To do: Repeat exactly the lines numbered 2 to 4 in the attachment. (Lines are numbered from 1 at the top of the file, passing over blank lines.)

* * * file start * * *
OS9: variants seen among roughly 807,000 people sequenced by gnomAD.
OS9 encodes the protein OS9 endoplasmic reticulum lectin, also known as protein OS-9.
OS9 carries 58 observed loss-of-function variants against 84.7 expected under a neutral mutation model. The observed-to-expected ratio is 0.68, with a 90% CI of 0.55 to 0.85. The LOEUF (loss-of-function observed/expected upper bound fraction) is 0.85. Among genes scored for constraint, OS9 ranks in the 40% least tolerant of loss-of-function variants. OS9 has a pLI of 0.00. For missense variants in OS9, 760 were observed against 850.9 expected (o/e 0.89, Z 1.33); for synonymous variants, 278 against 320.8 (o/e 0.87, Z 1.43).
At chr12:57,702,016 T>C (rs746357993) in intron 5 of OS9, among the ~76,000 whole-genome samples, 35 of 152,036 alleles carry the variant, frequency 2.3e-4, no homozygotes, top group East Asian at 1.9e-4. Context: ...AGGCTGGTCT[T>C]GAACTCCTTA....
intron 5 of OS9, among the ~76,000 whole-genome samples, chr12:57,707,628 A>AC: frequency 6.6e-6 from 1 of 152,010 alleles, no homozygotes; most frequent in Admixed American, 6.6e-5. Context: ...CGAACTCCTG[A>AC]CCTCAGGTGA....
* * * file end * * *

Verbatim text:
OS9 encodes the protein OS9 endoplasmic reticulum lectin, also known as protein OS-9.
OS9 carries 58 observed loss-of-function variants against 84.7 expected under a neutral mutation model. The observed-to-expected ratio is 0.68, with a 90% CI of 0.55 to 0.85. The LOEUF (loss-of-function observed/expected upper bound fraction) is 0.85. Among genes scored for constraint, OS9 ranks in the 40% least tolerant of loss-of-function variants. OS9 has a pLI of 0.00. For missense variants in OS9, 760 were observed against 850.9 expected (o/e 0.89, Z 1.33); for synonymous variants, 278 against 320.8 (o/e 0.87, Z 1.43).
At chr12:57,702,016 T>C (rs746357993) in intron 5 of OS9, among the ~76,000 whole-genome samples, 35 of 152,036 alleles carry the variant, frequency 2.3e-4, no homozygotes, top group East Asian at 1.9e-4. Context: ...AGGCTGGTCT[T>C]GAACTCCTTA....